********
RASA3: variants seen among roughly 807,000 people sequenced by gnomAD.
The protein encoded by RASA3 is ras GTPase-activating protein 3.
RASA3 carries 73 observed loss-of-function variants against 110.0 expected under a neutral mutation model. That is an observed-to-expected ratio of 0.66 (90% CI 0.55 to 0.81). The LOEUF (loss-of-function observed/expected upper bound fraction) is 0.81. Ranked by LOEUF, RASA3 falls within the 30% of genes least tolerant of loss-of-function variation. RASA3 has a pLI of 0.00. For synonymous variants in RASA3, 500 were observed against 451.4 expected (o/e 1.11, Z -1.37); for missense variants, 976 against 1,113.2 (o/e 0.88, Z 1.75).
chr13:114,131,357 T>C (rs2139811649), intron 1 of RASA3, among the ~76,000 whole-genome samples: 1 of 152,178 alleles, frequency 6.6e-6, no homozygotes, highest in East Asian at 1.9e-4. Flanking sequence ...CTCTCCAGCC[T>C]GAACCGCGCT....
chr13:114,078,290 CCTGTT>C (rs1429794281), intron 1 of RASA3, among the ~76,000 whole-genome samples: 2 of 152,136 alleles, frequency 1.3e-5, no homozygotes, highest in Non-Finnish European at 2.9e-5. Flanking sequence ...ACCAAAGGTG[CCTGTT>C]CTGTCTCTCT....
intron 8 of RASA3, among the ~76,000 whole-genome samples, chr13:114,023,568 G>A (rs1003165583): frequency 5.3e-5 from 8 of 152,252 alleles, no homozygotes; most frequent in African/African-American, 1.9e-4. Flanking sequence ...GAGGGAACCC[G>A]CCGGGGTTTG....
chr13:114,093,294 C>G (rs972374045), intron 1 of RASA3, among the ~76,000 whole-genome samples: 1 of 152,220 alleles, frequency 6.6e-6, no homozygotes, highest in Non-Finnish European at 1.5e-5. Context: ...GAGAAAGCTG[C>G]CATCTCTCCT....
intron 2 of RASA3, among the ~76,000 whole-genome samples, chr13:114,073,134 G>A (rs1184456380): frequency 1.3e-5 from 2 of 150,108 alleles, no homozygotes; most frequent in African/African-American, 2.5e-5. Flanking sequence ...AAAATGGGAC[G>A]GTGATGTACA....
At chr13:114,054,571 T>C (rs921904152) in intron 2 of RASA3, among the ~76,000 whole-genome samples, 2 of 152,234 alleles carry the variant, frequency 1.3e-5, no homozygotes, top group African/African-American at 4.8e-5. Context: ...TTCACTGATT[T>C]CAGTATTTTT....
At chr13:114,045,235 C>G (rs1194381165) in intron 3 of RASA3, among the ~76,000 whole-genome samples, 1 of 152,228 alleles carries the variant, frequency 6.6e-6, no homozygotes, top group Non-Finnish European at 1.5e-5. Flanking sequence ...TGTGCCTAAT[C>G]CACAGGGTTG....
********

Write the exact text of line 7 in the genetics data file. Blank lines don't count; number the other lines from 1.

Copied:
chr13:114,093,294 C>G (rs972374045), intron 1 of RASA3, among the ~76,000 whole-genome samples: 1 of 152,220 alleles, frequency 6.6e-6, no homozygotes, highest in Non-Finnish European at 1.5e-5. Context: ...GAGAAAGCTG[C>G]CATCTCTCCT....